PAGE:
School bans 'namaste,' apologizes for yoga – USA TODAY

KENNESAW, Ga. — A Kennesaw elementary school issued an apology after some parents complained about yoga in the classroom. They’ve banned the word “namaste,” the move of putting hand over heart, and any talk of healing crystals (which was never actually taught).
A note from the principal at Bullard Elementary School said, “I am truly sorry that the mindfulness/de-stressing practices here at Bullard caused many misconceptions that in turn created a distraction in our community.”
Those distractions include some parents criticizing the yoga instruction via public Facebook pages, saying the practice has religious overtones.
“No prayer in schools. Some don’t even say the pledge, yet they’re pushing ideology on our students,” Cobb County mother Susan Jaramillo said. “Some of those things are religious practices that we don’t want our children doing in our schools.”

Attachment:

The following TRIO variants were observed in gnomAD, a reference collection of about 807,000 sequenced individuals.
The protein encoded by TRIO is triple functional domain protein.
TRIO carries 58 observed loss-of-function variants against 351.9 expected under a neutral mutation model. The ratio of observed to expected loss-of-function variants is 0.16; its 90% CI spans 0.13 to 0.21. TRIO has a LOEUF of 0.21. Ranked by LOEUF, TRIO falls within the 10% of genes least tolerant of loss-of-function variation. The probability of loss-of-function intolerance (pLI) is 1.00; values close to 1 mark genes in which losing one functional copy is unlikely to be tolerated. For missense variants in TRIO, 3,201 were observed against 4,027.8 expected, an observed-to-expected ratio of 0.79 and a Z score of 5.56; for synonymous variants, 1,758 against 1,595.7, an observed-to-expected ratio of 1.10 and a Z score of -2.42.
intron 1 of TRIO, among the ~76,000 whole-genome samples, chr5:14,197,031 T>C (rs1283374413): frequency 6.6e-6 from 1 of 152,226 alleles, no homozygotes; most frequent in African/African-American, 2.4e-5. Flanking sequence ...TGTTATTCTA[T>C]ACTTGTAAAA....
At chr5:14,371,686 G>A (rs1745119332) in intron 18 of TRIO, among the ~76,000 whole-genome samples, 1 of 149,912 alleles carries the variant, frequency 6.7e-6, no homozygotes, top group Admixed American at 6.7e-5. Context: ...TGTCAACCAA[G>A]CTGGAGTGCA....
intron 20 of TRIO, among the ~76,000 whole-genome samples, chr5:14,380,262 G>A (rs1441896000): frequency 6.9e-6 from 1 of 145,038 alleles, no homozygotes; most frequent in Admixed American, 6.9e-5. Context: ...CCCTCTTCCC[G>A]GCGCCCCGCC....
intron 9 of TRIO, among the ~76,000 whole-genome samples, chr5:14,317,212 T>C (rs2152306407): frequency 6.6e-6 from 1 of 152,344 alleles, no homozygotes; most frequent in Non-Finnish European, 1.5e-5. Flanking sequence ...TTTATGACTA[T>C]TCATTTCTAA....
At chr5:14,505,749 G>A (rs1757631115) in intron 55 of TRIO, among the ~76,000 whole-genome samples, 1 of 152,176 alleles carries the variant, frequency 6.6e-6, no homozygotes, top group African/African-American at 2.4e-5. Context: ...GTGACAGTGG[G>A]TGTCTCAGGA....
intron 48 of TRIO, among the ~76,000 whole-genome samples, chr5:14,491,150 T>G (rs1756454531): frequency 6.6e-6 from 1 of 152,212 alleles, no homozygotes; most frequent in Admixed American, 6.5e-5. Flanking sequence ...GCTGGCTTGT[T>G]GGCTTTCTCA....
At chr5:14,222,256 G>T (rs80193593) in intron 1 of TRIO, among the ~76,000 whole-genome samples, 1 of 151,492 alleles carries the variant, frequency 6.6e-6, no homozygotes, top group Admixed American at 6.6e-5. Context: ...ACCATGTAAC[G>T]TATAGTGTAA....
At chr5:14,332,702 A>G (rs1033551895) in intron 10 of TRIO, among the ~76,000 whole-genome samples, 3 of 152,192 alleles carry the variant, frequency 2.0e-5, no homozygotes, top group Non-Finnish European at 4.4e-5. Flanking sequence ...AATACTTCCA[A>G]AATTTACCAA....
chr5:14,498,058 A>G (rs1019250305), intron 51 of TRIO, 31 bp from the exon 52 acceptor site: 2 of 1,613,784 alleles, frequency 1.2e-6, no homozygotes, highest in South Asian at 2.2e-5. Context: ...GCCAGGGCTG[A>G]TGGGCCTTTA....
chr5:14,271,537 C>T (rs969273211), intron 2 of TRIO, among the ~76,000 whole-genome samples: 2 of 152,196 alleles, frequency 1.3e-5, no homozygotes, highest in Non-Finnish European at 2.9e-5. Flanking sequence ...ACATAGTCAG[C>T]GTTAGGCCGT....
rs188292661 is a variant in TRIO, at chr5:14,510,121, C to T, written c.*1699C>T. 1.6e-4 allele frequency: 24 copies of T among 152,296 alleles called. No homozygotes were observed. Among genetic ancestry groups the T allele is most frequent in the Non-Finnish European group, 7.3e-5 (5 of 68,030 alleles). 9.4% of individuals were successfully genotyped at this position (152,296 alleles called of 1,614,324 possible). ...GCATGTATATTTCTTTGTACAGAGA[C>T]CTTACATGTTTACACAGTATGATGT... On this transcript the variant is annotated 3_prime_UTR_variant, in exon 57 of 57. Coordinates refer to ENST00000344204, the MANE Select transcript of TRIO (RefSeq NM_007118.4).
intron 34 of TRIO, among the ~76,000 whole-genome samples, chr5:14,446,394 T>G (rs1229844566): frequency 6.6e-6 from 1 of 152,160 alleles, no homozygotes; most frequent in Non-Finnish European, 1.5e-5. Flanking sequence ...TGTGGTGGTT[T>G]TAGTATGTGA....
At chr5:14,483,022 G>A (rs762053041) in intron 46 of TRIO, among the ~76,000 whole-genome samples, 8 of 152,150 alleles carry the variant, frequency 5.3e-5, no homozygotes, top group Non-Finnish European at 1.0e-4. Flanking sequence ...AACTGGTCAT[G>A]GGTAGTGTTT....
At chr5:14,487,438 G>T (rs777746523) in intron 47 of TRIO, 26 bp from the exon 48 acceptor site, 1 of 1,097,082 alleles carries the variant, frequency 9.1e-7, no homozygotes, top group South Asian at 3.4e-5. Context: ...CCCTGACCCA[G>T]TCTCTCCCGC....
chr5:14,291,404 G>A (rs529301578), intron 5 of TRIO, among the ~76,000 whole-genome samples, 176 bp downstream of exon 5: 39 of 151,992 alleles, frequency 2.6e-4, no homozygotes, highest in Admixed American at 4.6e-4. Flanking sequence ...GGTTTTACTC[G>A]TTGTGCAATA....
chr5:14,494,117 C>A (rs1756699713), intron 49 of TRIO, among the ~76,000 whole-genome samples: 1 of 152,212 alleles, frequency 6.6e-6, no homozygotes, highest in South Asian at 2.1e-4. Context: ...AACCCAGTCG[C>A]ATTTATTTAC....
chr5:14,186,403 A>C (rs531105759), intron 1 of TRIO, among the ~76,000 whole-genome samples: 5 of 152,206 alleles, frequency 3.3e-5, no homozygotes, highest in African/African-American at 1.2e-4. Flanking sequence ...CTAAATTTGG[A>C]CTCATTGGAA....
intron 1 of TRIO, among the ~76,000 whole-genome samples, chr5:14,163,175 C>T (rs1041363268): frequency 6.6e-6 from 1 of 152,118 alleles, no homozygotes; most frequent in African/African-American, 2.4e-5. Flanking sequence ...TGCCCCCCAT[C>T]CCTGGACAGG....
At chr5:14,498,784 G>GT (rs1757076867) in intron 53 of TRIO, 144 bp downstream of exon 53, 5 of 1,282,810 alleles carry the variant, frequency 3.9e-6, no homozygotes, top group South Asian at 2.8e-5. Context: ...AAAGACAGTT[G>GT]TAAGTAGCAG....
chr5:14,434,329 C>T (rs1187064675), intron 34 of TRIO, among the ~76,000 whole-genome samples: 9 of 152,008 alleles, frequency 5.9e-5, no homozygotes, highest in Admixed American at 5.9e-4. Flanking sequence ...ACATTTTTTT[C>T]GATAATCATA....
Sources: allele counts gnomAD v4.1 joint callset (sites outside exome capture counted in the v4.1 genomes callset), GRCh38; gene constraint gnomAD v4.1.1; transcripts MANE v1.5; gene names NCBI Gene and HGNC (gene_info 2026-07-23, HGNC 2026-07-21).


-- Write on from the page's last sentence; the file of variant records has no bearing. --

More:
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Both the Cobb County School District and Bullard Elementary declined a request for an interview, but the school district did forward a copy of the letter Principal Patrice Moore sent home to parents.
“While we have been practicing de-stressing techniques in many classrooms for years, there have been some recent practices associated with mindfulness that are offensive to some,” she said in the note.
Cheryl Crawford has taught adult and children’s yoga in various Atlanta area schools and yoga studios for years, though not at Bullard Elementary.
“Namaste means the light in me sees the light in you. When we teach it in school it’s a greeting in India. It’s a greeting like hello. We tell them that the goodness in me sees the goodness in you,” Crawford said.
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Crawford said eliminating the Hindu greeting is not really a big deal and she’s glad students are getting the benefits from yoga: breathing training, mindfulness and relaxation techniques.
“It helps them focus. If they can focus inwardly, they can focus on what’s being taught,” she said.
The students will still work on breathing and yoga, but not Pranamasana, a move where a person presses hands together and bows. The school is making the changes in hopes that yoga can continue to relieve stress — instead of causing more.
Follow Valerie Hoff and Julie Wolfe on Twitter: @Valerie_Hoff and @JulieWolfe


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